I started the process of packing up our house this week. It's tedious but we seem to do this a lot, so I'm very calculated in my approach. I'm not sure packing is something that anyone would brag about being good at, but it seems to be unfortunately becoming one of my skills; I'm good at packing... I wonder if I should be proud or embarrassed by that? Anyway, I've been trying to figure out, over the last several weeks, what items to pack and what items to purge. It seems like the question of whether or not keep all of our baby stuff is coming up again. After George Mason died, I told my sisters and the various other people in and out of our home to help, I wanted to get rid of everything. If I couldn't even begin to try for another baby for 18 months, I didn't want to stare at all of the things that should have been being used. It felt like storing all of the things that had been saved from Audrey for her future siblings was the most terrible idea. At least that's where my head was in those initial hours after George's day.

In an effort to respect my wishes and also prevent me from regretting ridding myself of all the stuff from Audrey's infant life, all those helpers just stored the baby stuff away. Out of sight. {hopefully} out of mind.

Well, here we are 7 months later and I'm faced with the same question: to get rid of the baby stuff or not to get rid of the baby stuff. The decision has mostly remained the same, get rid of it. Donate it. Consign it. Do anything but keep it. It seems hard enough to have to sort through it to pack it, I don't want to open boxes a month or two or three from now and be reminded yet again of the baby that didn't come home. It seems like the closet full of baby things (economical as it is) was and is a constant reminder of all the disappointment. The disappointment when we found out our baby was sick. The disappointment when we realized just how sick. The disappointment when we learned that the NICU would be our baby's home for an indefinite amount a time. The disappointment that our son's childhood, particularly his infancy, would be so very different from his big sister's. And then the ultimate disappointment of having to say goodbye and see you in heaven to the baby boy that we had fallen so deeply in love with.

It feels strange to even talk this way about stuff. Generic, not super sentimental stuff. But it's the reality I'm facing and is why I took a trunk load of baby stuff to the local children's consignment shop today. I dutifully, and unemotionally, loaded my trunk and drove to the shop. I brought it in, talked them through whatever questions they had, stood there while they judged whether or not my babys' stuff was good enough for resale. I did it all with a straight face. I did it with a smile even. I took the cash and dropped what they wouldn't buy into their donation box, and took Audrey to the car. And that's when it hit me. The tears that never really came. That weird tremble in my upper lip that always comes when I want to cry but can't. I drove down the interstate back to our half packed house on the verge of tears and I've been in a funk ever since.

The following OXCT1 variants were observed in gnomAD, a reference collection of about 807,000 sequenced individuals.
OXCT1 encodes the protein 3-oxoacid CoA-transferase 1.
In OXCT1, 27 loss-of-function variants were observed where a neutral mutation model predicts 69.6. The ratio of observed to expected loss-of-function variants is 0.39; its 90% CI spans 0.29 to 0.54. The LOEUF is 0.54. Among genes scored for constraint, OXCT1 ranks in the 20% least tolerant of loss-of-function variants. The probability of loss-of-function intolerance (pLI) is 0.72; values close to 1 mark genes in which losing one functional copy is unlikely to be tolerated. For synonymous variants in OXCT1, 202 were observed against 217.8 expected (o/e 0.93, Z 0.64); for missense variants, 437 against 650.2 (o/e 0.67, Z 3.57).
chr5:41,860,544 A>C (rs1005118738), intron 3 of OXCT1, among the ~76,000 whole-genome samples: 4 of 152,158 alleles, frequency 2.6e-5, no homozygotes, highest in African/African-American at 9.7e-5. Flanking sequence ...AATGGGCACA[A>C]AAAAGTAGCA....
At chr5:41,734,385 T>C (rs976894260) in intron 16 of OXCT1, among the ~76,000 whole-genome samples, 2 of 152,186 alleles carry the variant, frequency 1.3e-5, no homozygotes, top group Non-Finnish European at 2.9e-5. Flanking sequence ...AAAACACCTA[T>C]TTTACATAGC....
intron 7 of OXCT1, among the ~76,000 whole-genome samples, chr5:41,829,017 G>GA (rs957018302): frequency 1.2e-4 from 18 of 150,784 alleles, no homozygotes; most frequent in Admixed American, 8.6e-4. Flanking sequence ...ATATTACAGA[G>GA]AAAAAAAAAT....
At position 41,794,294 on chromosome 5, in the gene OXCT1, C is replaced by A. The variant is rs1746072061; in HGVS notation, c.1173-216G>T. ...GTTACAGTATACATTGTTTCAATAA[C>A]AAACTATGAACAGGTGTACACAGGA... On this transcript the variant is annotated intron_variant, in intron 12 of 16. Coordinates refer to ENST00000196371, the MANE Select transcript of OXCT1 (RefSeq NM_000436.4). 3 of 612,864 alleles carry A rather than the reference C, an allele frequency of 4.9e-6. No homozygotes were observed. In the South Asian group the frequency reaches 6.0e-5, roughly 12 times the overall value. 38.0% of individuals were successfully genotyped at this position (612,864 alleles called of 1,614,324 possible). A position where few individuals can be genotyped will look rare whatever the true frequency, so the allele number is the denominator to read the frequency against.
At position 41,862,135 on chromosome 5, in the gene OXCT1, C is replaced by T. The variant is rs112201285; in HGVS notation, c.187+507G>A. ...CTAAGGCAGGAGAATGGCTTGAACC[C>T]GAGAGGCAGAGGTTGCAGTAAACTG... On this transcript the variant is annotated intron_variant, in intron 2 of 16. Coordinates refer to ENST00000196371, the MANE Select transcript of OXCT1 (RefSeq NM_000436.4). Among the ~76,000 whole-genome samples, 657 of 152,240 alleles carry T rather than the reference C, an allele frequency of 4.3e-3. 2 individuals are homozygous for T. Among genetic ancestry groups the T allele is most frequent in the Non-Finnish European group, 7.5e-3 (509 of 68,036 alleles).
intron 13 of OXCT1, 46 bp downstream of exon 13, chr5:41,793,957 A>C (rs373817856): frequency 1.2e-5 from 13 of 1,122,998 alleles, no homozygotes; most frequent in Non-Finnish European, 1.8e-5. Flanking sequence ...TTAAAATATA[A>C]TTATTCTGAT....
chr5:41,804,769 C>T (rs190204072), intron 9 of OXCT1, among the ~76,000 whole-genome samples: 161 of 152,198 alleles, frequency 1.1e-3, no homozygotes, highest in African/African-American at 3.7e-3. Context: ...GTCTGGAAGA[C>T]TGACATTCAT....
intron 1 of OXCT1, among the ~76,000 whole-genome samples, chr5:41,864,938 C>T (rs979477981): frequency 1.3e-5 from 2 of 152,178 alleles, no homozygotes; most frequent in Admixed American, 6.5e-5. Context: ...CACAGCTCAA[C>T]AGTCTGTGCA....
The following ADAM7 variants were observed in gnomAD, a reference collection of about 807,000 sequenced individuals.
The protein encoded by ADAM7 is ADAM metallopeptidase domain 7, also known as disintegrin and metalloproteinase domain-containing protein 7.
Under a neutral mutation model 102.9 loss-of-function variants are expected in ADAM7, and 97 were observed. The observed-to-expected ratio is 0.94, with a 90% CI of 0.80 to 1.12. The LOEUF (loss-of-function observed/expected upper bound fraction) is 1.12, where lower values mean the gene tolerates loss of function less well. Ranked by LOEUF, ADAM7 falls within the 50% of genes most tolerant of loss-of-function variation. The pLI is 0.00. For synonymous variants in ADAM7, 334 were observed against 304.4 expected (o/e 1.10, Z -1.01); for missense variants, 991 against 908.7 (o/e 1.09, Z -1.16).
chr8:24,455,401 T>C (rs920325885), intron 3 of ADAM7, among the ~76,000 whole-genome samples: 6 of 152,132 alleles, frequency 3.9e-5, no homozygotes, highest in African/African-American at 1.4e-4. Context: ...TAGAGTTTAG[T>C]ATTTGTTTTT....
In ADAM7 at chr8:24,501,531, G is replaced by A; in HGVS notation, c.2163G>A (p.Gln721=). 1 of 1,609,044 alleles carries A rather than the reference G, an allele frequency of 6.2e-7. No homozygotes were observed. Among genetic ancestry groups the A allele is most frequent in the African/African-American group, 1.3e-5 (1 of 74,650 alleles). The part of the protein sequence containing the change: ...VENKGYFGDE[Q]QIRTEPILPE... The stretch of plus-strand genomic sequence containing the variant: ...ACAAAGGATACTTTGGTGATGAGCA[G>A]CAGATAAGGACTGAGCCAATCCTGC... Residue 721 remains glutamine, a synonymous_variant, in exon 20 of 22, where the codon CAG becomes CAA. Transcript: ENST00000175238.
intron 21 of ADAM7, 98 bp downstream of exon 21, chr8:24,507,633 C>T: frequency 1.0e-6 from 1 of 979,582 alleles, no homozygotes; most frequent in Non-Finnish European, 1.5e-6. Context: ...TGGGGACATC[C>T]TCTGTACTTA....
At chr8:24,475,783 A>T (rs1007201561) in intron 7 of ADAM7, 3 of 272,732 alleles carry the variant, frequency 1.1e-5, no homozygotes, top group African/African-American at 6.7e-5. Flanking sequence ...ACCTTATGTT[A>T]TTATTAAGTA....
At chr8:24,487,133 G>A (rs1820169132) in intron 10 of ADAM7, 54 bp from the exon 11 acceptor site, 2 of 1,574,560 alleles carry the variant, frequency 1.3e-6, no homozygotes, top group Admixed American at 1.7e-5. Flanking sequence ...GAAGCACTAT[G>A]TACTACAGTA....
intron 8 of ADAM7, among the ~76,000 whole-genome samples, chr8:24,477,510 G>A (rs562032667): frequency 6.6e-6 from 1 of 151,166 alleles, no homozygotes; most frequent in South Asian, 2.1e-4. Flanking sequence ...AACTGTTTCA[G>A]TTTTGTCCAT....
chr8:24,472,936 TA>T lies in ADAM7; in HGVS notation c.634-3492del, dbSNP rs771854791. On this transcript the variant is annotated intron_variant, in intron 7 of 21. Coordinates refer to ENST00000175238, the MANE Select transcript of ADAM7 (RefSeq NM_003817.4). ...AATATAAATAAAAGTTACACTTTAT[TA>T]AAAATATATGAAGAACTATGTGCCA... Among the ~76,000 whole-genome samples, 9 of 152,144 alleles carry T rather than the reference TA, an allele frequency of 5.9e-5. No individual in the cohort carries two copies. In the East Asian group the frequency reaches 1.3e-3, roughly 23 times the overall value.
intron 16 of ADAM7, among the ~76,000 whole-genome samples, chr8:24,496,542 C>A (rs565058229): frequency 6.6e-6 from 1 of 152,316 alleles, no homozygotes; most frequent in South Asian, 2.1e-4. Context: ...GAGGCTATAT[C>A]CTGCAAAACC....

I didn't want to open boxes in our new home and find a storage closet for our disappointing memories. I didn't want to have to go through the grief of our son over and over again with each smile and coo of the new baby as they played on the activity mat that he should have played on, or as they refused a bottle just like Audrey did. Those baby things were full of disappointment and getting rid of them was supposed to be a good thing. I think it was. But I also think it was one more piece of this grief journey. I guess there's no way to really know if it was the right decision or the best decision or whatever. But it did unveil another layer of processing. As I sit in the haze of this funk, only one thing is actually certain: God is always good. Despite my experience with the brokenness of this world, God is still God and that means he is good. It means he is working. It means that this horrible piece of my story is working towards His glory. His promise that I'll come out of this with a greater love for Him has already proven true. I do love Him. I long for answers to this death, but even if I don't get them right away, I so deeply love my Father in heaven. The theological answer is that He is all I need on days like this but it doesn't always feel true. But there is a very large part of me that only wanted Him as I drove through those almost tears. There is a very large part of me that knows, and feels, that He really is enough. So haze/funk or not, to my Father I turn and lift my gaze. Today was hard but today was another day that He gave me strength.


I saw in the night visions, and behold, with the clouds of heaven there came one like a son of man, and he came to the Ancient of Days and was presented before him. And to him was given dominion and glory and a kingdom, that all peoples, nations, and languages should serve him; his dominion is an everlasting dominion, which shall not pass away, and his kingdom one that shall not be destroyed. - Daniel 7:13-14